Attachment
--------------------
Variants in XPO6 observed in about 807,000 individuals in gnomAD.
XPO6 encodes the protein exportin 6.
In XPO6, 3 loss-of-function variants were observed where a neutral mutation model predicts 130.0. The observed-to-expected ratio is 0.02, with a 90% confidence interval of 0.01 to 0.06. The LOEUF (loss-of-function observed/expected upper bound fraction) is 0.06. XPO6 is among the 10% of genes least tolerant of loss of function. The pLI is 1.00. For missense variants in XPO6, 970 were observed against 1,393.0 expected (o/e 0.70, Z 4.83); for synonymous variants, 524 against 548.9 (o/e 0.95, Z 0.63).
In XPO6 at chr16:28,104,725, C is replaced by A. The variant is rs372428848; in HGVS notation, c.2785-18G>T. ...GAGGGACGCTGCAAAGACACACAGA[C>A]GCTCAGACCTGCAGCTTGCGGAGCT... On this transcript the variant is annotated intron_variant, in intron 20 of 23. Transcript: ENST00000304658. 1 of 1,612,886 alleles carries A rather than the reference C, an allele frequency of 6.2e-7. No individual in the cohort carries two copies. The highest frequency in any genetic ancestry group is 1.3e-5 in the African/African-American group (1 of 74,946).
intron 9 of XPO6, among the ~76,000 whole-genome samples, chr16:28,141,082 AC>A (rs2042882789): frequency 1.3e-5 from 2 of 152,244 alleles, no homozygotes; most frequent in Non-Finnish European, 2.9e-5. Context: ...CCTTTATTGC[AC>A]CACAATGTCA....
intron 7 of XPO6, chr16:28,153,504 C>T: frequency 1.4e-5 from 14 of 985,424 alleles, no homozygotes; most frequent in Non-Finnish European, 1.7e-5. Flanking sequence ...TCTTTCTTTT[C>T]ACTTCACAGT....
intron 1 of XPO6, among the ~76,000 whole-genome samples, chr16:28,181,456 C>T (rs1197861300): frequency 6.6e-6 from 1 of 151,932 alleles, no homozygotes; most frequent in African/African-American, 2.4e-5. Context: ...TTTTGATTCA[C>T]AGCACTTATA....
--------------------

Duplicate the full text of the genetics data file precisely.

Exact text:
Variants in XPO6 observed in about 807,000 individuals in gnomAD.
XPO6 encodes the protein exportin 6.
In XPO6, 3 loss-of-function variants were observed where a neutral mutation model predicts 130.0. The observed-to-expected ratio is 0.02, with a 90% confidence interval of 0.01 to 0.06. The LOEUF (loss-of-function observed/expected upper bound fraction) is 0.06. XPO6 is among the 10% of genes least tolerant of loss of function. The pLI is 1.00. For missense variants in XPO6, 970 were observed against 1,393.0 expected (o/e 0.70, Z 4.83); for synonymous variants, 524 against 548.9 (o/e 0.95, Z 0.63).
In XPO6 at chr16:28,104,725, C is replaced by A. The variant is rs372428848; in HGVS notation, c.2785-18G>T. ...GAGGGACGCTGCAAAGACACACAGA[C>A]GCTCAGACCTGCAGCTTGCGGAGCT... On this transcript the variant is annotated intron_variant, in intron 20 of 23. Transcript: ENST00000304658. 1 of 1,612,886 alleles carries A rather than the reference C, an allele frequency of 6.2e-7. No individual in the cohort carries two copies. The highest frequency in any genetic ancestry group is 1.3e-5 in the African/African-American group (1 of 74,946).
intron 9 of XPO6, among the ~76,000 whole-genome samples, chr16:28,141,082 AC>A (rs2042882789): frequency 1.3e-5 from 2 of 152,244 alleles, no homozygotes; most frequent in Non-Finnish European, 2.9e-5. Context: ...CCTTTATTGC[AC>A]CACAATGTCA....
intron 7 of XPO6, chr16:28,153,504 C>T: frequency 1.4e-5 from 14 of 985,424 alleles, no homozygotes; most frequent in Non-Finnish European, 1.7e-5. Flanking sequence ...TCTTTCTTTT[C>T]ACTTCACAGT....
intron 1 of XPO6, among the ~76,000 whole-genome samples, chr16:28,181,456 C>T (rs1197861300): frequency 6.6e-6 from 1 of 151,932 alleles, no homozygotes; most frequent in African/African-American, 2.4e-5. Context: ...TTTTGATTCA[C>T]AGCACTTATA....